“The Daedra princes I spoke with have agreed to our terms,” he said flatly. “Disasters such as befell Gilverdale should be averted. Only through certain intermediaries such as witches or sorcerers will they answer the call of man and mer.”
“And what did you promise them in return?” asked the Nord boy Welleg.
“The deals we make with Daedra,” said Sotha Sil, continuing on to Iachesis’s palace to meet with the Master of the Psijic Order. “Should not be discussed with the innocent.”
8 Rain’s Hand, 2920
The Imperial City, Cyrodiil
A storm billeted the windows of the Prince’s bedchamber, bringing a smell of moist air to mix with the censors filled with burning incense and herbs.
“A letter has arrived from the Empress, your mother,” said the courier. “Anxiously inquiring after your health.”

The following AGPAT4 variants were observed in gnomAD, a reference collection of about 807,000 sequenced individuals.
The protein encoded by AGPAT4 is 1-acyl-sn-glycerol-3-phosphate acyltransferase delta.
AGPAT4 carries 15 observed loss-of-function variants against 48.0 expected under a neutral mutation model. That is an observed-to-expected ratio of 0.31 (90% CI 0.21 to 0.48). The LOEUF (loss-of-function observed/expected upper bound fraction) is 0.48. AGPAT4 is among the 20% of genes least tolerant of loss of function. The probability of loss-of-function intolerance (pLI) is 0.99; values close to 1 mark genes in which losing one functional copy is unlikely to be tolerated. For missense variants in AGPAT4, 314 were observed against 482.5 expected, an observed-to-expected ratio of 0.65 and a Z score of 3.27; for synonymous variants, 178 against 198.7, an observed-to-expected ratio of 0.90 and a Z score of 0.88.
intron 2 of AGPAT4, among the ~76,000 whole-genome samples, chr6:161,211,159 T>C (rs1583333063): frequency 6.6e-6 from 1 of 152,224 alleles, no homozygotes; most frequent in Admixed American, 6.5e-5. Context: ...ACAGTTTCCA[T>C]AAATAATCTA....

“What frightened parents I have!” laughed Prince Juilek from his bed.
“It is only natural for a mother to worry,” said Savirien-Chorak, the Potentate’s son.“There is everything unnatural about my family, Akavir. My exiled mother fears that my father will imagine me of being a traitor, covetous of the crown, and is having me poisoned,” the Prince sank back into his pillow, annoyed. “The Emperor has insisted on me having a taster for all my meals as he does.”
“There are many plots,” agreed the Akavir. “You have been abed for nearly three weeks with every healer in the empire shuffling through like a slow ballroom dance. At least, all can see that you’re getting stronger.”
“Strong enough to lead the vanguard against Morrowind soon, I hope,” said Juilek.